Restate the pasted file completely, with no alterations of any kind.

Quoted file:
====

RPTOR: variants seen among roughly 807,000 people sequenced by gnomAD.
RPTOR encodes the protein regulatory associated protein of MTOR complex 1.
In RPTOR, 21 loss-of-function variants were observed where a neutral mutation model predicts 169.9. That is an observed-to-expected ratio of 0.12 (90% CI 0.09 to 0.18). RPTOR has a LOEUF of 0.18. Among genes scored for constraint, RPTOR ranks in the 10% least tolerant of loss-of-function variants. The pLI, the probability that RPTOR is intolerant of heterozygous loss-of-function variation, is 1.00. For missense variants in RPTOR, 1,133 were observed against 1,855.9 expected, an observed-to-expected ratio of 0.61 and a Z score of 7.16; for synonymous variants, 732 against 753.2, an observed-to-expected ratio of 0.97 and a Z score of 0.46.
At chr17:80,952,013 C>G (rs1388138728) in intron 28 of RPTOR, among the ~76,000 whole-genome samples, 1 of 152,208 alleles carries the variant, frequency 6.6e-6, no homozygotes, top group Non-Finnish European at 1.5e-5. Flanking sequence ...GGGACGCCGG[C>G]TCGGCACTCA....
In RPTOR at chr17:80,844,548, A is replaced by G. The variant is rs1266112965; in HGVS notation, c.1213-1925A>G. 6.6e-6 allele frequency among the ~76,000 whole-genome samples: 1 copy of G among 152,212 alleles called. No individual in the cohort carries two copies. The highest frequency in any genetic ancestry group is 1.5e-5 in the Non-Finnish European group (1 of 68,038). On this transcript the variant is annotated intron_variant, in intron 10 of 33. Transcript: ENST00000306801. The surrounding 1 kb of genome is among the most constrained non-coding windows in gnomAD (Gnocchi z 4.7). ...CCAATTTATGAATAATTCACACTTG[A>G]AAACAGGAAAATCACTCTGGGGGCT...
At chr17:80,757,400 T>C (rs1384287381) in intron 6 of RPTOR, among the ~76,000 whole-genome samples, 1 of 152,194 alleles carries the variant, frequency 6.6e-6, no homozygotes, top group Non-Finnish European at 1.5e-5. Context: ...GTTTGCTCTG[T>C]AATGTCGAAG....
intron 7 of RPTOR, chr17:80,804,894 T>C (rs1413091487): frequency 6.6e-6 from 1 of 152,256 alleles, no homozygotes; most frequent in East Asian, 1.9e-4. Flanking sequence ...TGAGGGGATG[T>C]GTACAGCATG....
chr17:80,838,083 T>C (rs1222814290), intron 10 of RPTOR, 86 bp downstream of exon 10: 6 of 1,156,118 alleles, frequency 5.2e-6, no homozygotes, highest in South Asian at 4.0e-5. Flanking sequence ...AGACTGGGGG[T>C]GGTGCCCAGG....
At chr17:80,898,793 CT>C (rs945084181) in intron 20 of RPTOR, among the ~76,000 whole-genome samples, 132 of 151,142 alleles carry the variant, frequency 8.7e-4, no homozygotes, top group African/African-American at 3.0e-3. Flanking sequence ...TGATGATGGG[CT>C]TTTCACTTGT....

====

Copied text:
RPTOR: variants seen among roughly 807,000 people sequenced by gnomAD.
RPTOR encodes the protein regulatory associated protein of MTOR complex 1.
In RPTOR, 21 loss-of-function variants were observed where a neutral mutation model predicts 169.9. That is an observed-to-expected ratio of 0.12 (90% CI 0.09 to 0.18). RPTOR has a LOEUF of 0.18. Among genes scored for constraint, RPTOR ranks in the 10% least tolerant of loss-of-function variants. The pLI, the probability that RPTOR is intolerant of heterozygous loss-of-function variation, is 1.00. For missense variants in RPTOR, 1,133 were observed against 1,855.9 expected, an observed-to-expected ratio of 0.61 and a Z score of 7.16; for synonymous variants, 732 against 753.2, an observed-to-expected ratio of 0.97 and a Z score of 0.46.
At chr17:80,952,013 C>G (rs1388138728) in intron 28 of RPTOR, among the ~76,000 whole-genome samples, 1 of 152,208 alleles carries the variant, frequency 6.6e-6, no homozygotes, top group Non-Finnish European at 1.5e-5. Flanking sequence ...GGGACGCCGG[C>G]TCGGCACTCA....
In RPTOR at chr17:80,844,548, A is replaced by G. The variant is rs1266112965; in HGVS notation, c.1213-1925A>G. 6.6e-6 allele frequency among the ~76,000 whole-genome samples: 1 copy of G among 152,212 alleles called. No individual in the cohort carries two copies. The highest frequency in any genetic ancestry group is 1.5e-5 in the Non-Finnish European group (1 of 68,038). On this transcript the variant is annotated intron_variant, in intron 10 of 33. Transcript: ENST00000306801. The surrounding 1 kb of genome is among the most constrained non-coding windows in gnomAD (Gnocchi z 4.7). ...CCAATTTATGAATAATTCACACTTG[A>G]AAACAGGAAAATCACTCTGGGGGCT...
At chr17:80,757,400 T>C (rs1384287381) in intron 6 of RPTOR, among the ~76,000 whole-genome samples, 1 of 152,194 alleles carries the variant, frequency 6.6e-6, no homozygotes, top group Non-Finnish European at 1.5e-5. Context: ...GTTTGCTCTG[T>C]AATGTCGAAG....
intron 7 of RPTOR, chr17:80,804,894 T>C (rs1413091487): frequency 6.6e-6 from 1 of 152,256 alleles, no homozygotes; most frequent in East Asian, 1.9e-4. Flanking sequence ...TGAGGGGATG[T>C]GTACAGCATG....
chr17:80,838,083 T>C (rs1222814290), intron 10 of RPTOR, 86 bp downstream of exon 10: 6 of 1,156,118 alleles, frequency 5.2e-6, no homozygotes, highest in South Asian at 4.0e-5. Flanking sequence ...AGACTGGGGG[T>C]GGTGCCCAGG....
At chr17:80,898,793 CT>C (rs945084181) in intron 20 of RPTOR, among the ~76,000 whole-genome samples, 132 of 151,142 alleles carry the variant, frequency 8.7e-4, no homozygotes, top group African/African-American at 3.0e-3. Flanking sequence ...TGATGATGGG[CT>C]TTTCACTTGT....